Photos by Daniel Krieger Photography
Photos by Daniel Krieger Photography

Spotlight: Patina 250

by / Oct. 11, 2016 11am EST

If you walked by the new Delaware North building anytime in the last few weeks, you may have noticed an odor that would seem to have no business in that lively, revitalized stretch of downtown—the scent of burning wood.

It’s not any cause for alarm, to be sure; it’s simply a by-product of the wood-fired stove at Patina 250, the high-end restaurant that occupies some of the ground-floor space at 250 Delaware Avenue.

The restaurant, which opened in early September, serves high-end American cuisine for breakfast lunch and dinner, seven days a week. It is one of dozens of locations under the Patina Restaurant Group, which is owned by Delaware North. This means that kitchen staff at Patina 250 also cook for other Delaware North ventures in the new building, including Jake’s Café, room service for the Westin Hotel and corporate events.

One might think this would put enormous pressure on the staff, particularly the chef, to churn out dishes at a break-neck pace. But chef Homer Ford says their focus is on quality, not quantity. What’s more, Ford says he is not bound by what other Patina locations are serving.

“Everybody’s kind of surprising me every day. They’re just like us; they’re focused on quality,” Ford said. “They just want the best of the best.”

“It gives me a little bit more freedom as far as what ingredients I can get. Right now I’m afraid to look at my food bill,” he added with a laugh.

Although the restaurant has received mostly positive reviews since opening, Ford says he is still tinkering with the menu and expects to make changes going forward.

And while the menu was initially designed with the assistance of Lou Piuggi, head chef of Patina Restaurant Group, Ford will have full say on what they offer moving forward.

“Every restaurant is designed to be a free-standing restaurant. Him and I kind of sit and write a menu in the beginning, and after that it’s kind of what the people want, what I want to do,” Ford said.

A Buffalo native, Ford began cooking professionally when he landed a job as a line-cook at Bistro Europa, which has since relocated and been rebranded as the Black Sheep Restaurant and Bar. It was here that he met his wife, Raven, with whom he later moved to Rhode Island.

The plan was to save up money for culinary school, but things didn’t go as planned. After a year in the Ocean State, Ford and his wife moved to New York City.

“When I was in New York, I took like three steps back and went to be a line-cook for Danny Boulud at DBGBs, and that’s where a lot of my culinary school kind of happened,” Ford said. (Ironically, in 2013, Boulud filed a lawsuit against the owners of Buffalo’s Duke’s Bohemian Grove Bar over trademark infringement of the acronym, which itself is a play off CBGB, a legendary Lower East Manhattan music club where numerous punk and new wave icons played some of their first shows.)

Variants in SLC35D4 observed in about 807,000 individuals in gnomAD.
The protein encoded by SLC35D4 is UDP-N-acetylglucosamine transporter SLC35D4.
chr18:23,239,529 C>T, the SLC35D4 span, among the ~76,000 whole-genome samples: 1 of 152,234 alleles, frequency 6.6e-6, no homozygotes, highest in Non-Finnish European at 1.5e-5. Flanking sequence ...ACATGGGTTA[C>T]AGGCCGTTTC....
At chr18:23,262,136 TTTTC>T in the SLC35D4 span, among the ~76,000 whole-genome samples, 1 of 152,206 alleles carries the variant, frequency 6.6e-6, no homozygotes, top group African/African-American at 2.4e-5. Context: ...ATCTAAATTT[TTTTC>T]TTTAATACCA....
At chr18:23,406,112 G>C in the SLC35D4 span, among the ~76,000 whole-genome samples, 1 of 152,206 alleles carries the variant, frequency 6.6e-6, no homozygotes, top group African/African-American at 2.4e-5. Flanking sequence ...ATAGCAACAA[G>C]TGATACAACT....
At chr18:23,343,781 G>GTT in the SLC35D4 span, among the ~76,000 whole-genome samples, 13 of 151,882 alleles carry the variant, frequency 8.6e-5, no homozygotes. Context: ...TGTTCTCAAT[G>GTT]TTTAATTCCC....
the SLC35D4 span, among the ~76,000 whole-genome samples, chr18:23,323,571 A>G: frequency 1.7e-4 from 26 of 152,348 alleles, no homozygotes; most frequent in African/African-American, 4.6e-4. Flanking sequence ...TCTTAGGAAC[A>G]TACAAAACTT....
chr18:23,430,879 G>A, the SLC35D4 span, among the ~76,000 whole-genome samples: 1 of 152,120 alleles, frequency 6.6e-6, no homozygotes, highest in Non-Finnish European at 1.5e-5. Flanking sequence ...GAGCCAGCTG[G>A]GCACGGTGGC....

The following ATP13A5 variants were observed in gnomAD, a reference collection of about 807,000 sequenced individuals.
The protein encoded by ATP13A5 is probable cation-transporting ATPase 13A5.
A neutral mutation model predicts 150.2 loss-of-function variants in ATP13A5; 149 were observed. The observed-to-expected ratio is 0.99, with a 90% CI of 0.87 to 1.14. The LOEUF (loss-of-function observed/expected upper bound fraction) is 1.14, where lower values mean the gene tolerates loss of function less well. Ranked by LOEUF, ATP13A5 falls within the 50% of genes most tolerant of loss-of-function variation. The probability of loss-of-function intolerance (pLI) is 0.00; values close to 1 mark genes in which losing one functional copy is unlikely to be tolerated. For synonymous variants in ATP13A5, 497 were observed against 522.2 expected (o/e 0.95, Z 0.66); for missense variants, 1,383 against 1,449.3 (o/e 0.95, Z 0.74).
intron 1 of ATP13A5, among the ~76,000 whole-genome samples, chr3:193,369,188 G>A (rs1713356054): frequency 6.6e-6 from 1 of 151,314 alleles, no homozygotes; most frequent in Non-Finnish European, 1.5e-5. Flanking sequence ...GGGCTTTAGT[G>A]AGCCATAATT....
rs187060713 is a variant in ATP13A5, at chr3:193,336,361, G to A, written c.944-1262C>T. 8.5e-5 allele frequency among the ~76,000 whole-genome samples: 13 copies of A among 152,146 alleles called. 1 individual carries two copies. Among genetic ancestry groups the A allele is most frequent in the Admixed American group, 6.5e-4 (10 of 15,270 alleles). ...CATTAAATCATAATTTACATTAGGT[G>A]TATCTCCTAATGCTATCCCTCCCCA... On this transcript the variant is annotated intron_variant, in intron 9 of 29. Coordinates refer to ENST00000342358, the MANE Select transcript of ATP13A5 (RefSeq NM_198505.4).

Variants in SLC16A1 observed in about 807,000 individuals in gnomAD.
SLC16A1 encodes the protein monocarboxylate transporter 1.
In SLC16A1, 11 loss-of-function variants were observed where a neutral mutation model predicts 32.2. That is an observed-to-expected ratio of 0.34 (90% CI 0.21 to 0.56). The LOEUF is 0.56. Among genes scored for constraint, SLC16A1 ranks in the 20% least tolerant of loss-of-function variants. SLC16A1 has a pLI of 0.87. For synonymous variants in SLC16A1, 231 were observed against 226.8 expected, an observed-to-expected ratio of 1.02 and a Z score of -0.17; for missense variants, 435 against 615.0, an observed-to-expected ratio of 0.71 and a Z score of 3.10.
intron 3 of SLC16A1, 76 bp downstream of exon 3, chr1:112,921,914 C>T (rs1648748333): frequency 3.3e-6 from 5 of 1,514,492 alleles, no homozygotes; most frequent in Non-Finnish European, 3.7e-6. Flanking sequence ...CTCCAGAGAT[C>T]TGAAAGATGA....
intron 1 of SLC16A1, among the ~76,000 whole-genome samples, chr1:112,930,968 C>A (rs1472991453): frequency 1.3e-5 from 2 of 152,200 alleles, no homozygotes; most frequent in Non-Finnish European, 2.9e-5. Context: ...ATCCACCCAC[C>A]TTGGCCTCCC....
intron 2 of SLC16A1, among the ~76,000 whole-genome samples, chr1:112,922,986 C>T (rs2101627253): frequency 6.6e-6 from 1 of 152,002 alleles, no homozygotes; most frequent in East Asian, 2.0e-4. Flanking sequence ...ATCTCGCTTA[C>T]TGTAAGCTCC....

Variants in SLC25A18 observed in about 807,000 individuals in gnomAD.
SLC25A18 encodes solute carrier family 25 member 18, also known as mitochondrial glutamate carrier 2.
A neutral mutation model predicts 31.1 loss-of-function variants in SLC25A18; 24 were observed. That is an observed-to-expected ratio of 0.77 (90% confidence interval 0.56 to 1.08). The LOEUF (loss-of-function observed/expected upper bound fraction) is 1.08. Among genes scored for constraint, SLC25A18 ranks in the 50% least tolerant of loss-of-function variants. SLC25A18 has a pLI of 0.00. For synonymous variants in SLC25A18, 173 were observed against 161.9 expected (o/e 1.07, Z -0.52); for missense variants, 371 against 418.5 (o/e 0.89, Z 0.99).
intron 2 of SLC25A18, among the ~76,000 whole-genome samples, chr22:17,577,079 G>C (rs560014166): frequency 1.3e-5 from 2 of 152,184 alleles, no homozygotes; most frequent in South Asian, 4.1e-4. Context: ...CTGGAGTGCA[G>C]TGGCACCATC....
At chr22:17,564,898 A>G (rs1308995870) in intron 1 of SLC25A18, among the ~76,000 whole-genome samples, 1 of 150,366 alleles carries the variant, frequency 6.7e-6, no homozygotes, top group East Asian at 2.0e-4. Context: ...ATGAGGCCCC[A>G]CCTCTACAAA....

Ford spent almost a decade in New York, working at a number of high-end restaurants, before returning home to Buffalo last summer.

The timing could not have been better. Buffalo’s much-talked-about resurgence was well under way, and within months, he landed the job as head chef for Patina 250. The owners originally envisioned it as a high-end Italian restaurant, but with the hiring of Ford, they shifted gears.

“The original plan was for it to be an Italian restaurant, but I don’t really do Italian food. So they turned it into an American restaurant,” Ford said. “It gives you more freedom to play with whatever style of dish you want.”

Though American food often conjures images of simple, greasy comfort foods, Ford saw it as an opportunity to be even more creative and varied with his offerings.

“I view American food as kind of a melting pot. American food’s not hot dogs and hamburgers,” he said. “When you look at South Carolina food, it’s derived from West Africa. When you look at Texas barbecue, it’s derived from Eastern Europe, Czechoslovakia.”

The result is a menu that offers household classics with unique flairs. For breakfast, that means a cinnamon brioche french toast and lemon ricotta pancakes. For lunch, it means a pastrami on weck, a gulf shrimp cobb salad and a buttermilk fried chicken sandwich with iceberg-pickled onion slaw. And for dinner, it means entrées like a double-cut pork chop, roasted duck and a New York strip steak with red onion jam and green peppercorn sauce, to name just a few.

The dining area boasts seating for more than 130, spread across a lounge area and a dining room. The space is decorated with minimal wall-art and beautiful low light-fixtures. Like an increasing number of local restaurants, Patina 250 also boasts an open kitchen.

Ford believes this last feature makes for a more personal dining experience. “It almost feels like we’re actually cooking for you; it’s not just coming out of a swinging door,” he said. “It holds the cook a little more accountable. Everybody’s watching.”

It also allows the kitchen staff to see the fruits of their labor—the smiling, contended faces of diners who are enjoying their meal. 

“When you cook food that makes people happy, that’s the best part,” he said.

Patina 250 is on the Delaware Avenue-facing side of the new Delaware North building, and is open from 7am until 11:30pm daily. Breakfast is served from 7am to 10:30am; lunch from 11:30am to 3pm; dinner from 5pm to 10pm and the bar and lounge menu is offered from 3pm to 11pm.